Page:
Article by Pastor Tom DrionElder at GraceLife London
As I’m sitting in a plane heading for Los Angeles, I’m reminded that life is full of choices.
In front of me is my laptop, my bible, and a book that I need to read and review. Each hold potential for me to be serving my Saviour! Next to me is a Romanian lady, needing the gospel. She’s talkative, and I am short of time, but here again is an opportunity to serve God if I choose. Across the aisle however is a child is watching Ninja Turtles save the world. That’s not helping me at all with my ambition to redeem the time, but it does help make the point in this New Year’s article.
My point is simple: You really can’t do everything, so you have to decide what you want to focus on with each moment of every day. This means making decisions between good and bad, but also between good, better, and best. It can be a battle, but Ephesians 5:15 tells us to be redeeming the time because the days are evil. Clearly God wants us to choose what we spend time on – and to choose well. The stakes are high.
It’s no surprise if you find making such choices a constant struggle: it’s always been hard, but living in the 21st Century there are so many choices. We’re not passing through Vanity Fair, as Christian did in Bunyan’s Pilgrim’s Progress, we’re living in it! It can feel like you need blinkers, but the problem isn’t only with our circumstances, it’s with our heart.
It’s true that sometimes living in this generation can leave you like a child in a TV shop –surrounded by pointless distractions, yet mesmerized by them, but if the building was on fire, you wouldn’t stand and watch. Often it takes a divine crisis in someone’s life to break the spell and bring him or her back to reality and the need to serve God. But does it have to always be like that? Dismal failure to redeem the time, punctuated occasionally by brief moments of zeal — is that normal for Christians? Can we learn this year to focus without needing discipline?
If you’re ever going to have victory in the struggle to remain focused on serving God, you’re going to need to be resolved. Being resolved, means that you have considered the choices, and decided what you want to do.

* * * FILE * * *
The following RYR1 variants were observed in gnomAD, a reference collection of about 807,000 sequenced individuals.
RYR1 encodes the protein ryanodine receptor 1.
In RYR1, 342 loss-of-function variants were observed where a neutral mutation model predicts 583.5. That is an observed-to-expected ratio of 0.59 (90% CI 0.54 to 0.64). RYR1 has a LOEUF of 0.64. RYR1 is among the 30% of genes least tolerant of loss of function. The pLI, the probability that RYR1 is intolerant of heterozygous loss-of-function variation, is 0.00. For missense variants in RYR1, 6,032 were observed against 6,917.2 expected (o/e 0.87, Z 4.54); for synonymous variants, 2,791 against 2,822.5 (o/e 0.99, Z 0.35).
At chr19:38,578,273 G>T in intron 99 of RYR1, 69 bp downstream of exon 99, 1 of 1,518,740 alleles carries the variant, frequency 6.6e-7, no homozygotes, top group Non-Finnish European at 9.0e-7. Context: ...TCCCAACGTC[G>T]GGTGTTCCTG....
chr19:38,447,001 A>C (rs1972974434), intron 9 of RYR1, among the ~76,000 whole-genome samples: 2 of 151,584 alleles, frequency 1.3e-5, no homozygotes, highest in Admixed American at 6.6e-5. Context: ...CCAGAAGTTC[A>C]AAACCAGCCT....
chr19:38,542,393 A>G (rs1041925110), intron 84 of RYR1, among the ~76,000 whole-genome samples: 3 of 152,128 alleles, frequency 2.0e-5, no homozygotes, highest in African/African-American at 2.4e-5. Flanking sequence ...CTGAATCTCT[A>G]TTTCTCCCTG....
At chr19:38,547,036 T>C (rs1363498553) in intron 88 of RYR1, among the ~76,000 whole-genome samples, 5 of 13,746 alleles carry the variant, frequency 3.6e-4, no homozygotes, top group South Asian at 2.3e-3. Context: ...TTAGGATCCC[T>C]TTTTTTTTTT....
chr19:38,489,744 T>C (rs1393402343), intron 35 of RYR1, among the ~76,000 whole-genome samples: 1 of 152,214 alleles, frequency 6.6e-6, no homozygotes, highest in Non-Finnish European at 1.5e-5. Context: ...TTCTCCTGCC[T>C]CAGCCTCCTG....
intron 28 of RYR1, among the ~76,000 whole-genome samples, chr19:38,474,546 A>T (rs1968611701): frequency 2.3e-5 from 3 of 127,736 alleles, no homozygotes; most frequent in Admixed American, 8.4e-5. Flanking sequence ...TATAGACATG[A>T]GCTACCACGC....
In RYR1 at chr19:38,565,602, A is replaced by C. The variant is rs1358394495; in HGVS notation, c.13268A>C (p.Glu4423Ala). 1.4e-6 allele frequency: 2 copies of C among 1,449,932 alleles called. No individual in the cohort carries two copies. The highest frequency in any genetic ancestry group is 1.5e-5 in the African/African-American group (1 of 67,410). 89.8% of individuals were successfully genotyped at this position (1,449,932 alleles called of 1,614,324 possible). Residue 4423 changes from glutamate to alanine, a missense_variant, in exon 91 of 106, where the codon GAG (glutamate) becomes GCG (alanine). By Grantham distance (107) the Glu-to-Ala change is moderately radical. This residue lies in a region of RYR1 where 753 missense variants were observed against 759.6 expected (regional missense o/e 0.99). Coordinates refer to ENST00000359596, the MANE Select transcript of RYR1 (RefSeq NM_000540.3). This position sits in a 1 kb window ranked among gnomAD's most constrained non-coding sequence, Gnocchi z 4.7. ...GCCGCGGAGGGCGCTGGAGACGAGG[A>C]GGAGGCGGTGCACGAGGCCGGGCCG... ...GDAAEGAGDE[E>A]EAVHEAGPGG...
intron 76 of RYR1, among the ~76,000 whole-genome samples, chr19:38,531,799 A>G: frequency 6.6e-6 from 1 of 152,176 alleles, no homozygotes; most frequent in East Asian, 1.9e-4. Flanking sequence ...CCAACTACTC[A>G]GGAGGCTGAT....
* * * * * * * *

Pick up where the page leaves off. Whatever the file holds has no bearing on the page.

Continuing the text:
Plenty of people make and break New Year’s Resolutions, as if they were disposable, but for a Christian, a resolution should be something we only make cautiously, since Jesus said that we should let our “yes” be yes, and our “no” no (Matthew 5:27) — warning that anything more than this comes from evil!
There’s no doubt, however, that Christians should be people who are resolved.
Job had made a covenant with his eyes, not to gaze at a young woman (Job 31:1), and David had decided, “I will not set before my eyes anything that is worthless,” (Psalm 101:3). Those were some serious commitments — but they made them!
Jesus, the Bible tells us, “set his face towards Jerusalem,” (Luke 9:51). God’s people have always been resolved to do what is right.
Jonathan Edwards was resolved. By 18th December 1722, Edwards had written 34 resolutions, and he was to go on to write 36 more. That’s enough resolve to make most of us feel pretty pathetic!
If you’ve tried and failed before, the answer of course is, “No!” So what are we to do? Surely, it’s only fools that forget their failures who keep on making and breaking resolutions. Surely, sensible people keep their mouths firmly shut on the 1st January! Well, Jonathan Edwards was a sensible soul, and that made him sensible (*aware) of something else that needed to accompany his resolutions:
“Being sensible that I am unable to do anything without God’s help, I do humbly entreat him, by his grace, to enable me to keep these Resolutions, so far as they are agreeable to his will, for Christ’s sake.”
David was aware of the same weakness, and in another Psalm begged God, “Turn my eyes from looking at worthless things,” (Psalm 119:37). A more literal translation would be, cause my eyes to turn away.
As the year begins, if we are going to redeem the time, we’ll need to be resolved… but if we know how weak we are, we’ll also need to be committed to pray for the help we need. Here’s wishing us all a happy, resolved New Year!
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